Do you remember the secretary at the school where I worked a couple of decades ago? You called and left a message with her in the first few days I was there. You told her you were El Magnifico. The slip she wrote it on had all manner of hearts and stars doodled on it. During lunch she came into my office all wide eyed and breathless to find out who El Magnifico was. She was abashed when I told her because she fell in love with you during a three minute telephone conversation. I sympathized with her and thought she was probably crazy. We started spending some of our lunch times together. She was a delightful woman. In the course of our noon talks she taught me about the life of a single mom. She was bright, funny, kind hearted and honest. She worked hard and sacrificed her education to make a life for her eight year old daughter. She never stopped wanting to meet you. You didn't want to. You were nervous she'd be too vulnerable to your charms. Then she had the stroke. She was only thirty.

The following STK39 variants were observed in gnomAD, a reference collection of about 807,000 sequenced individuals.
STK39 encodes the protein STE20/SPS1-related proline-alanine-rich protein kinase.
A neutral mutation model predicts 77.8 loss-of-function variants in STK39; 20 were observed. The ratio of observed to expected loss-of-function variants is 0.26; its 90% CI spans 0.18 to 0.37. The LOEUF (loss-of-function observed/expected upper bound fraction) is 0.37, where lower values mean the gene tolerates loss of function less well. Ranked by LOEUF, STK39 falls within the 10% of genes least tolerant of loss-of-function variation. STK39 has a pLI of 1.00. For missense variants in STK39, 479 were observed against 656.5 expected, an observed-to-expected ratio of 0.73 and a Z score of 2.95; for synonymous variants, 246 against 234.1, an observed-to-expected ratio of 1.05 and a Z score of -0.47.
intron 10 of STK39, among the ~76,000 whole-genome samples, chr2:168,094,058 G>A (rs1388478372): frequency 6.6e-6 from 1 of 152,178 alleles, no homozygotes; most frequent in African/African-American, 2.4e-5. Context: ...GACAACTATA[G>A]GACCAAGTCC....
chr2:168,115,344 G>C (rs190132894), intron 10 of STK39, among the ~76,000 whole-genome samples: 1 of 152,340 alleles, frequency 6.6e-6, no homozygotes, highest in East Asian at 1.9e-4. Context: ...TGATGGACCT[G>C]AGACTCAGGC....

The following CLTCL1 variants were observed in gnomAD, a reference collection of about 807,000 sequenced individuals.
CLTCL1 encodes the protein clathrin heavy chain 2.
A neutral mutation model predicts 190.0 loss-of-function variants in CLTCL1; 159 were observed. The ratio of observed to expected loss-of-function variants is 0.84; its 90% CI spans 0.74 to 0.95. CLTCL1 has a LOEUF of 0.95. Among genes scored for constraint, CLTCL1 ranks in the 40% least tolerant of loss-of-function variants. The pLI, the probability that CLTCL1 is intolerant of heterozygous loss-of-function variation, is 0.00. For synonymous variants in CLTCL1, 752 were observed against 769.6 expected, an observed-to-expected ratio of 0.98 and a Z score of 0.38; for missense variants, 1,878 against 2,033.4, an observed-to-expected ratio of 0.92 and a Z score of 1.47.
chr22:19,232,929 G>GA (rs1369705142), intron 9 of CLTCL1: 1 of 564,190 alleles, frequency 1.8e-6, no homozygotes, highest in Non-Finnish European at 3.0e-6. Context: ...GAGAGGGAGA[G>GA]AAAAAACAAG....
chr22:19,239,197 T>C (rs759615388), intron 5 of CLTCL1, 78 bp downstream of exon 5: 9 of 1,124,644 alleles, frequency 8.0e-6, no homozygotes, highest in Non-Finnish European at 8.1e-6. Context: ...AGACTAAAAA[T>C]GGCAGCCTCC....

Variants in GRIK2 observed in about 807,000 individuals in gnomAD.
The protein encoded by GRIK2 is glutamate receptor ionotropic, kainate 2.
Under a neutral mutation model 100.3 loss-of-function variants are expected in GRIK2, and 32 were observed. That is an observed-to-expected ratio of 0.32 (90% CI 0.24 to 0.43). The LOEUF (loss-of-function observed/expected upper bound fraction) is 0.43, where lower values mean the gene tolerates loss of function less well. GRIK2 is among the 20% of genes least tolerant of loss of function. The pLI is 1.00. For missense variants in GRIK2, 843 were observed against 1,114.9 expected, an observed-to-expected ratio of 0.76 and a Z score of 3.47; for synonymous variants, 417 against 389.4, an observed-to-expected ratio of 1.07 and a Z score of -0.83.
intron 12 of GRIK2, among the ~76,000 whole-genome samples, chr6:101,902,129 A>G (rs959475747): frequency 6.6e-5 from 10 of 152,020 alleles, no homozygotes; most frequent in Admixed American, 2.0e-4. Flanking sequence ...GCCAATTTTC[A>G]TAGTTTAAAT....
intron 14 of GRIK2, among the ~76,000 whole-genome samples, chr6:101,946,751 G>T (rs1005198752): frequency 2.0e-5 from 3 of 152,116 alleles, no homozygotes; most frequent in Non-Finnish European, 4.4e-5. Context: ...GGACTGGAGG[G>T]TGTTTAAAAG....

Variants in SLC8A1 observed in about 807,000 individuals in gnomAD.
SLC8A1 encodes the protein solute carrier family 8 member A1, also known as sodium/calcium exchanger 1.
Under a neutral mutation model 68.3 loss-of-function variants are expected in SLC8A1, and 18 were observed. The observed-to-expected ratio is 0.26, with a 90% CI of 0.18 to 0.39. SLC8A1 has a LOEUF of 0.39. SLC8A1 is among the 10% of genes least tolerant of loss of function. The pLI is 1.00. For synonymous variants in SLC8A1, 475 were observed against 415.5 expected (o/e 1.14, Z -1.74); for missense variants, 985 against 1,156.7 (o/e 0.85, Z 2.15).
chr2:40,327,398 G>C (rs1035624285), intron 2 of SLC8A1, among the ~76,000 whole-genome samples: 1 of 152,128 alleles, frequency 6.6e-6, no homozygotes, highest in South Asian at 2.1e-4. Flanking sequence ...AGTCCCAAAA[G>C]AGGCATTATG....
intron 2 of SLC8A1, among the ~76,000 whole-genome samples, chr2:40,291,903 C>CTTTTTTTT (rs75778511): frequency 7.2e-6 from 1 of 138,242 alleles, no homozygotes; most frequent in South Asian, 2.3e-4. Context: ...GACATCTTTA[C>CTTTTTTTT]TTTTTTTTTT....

One day she was at work as usual. We went to the beach during lunch that day. She spoke of how the sounds of the sea soothed her soul. She referred to the beach as home. "Let's go home for lunch" was what she said when life was harried. We'd go sit on a bench on the cliff next to the convent and talk over the sound of the surf crashing below. That's what we did that Friday afternoon. When I got to work on Monday the office was buzzing. She stroked out over the weekend. I went to the hospital to see her. She was comatose. I got hold of her chart. It was a massive bleed. She wasn't going to make it back. They had the TV playing at her. She hated TV. I got an automatic replay tape deck, a tape of ocean sounds, and disarmed the television. Relatives put her in a nursing home down the coast. I didn't see her until a few months later when I was loitering in a hospital corridor while you were doing Sunday rounds. She was on a gurney outside the surgical suite. She was permanently comatose and they were going to operate on her. I took her hand. She didn't seem to be in that body.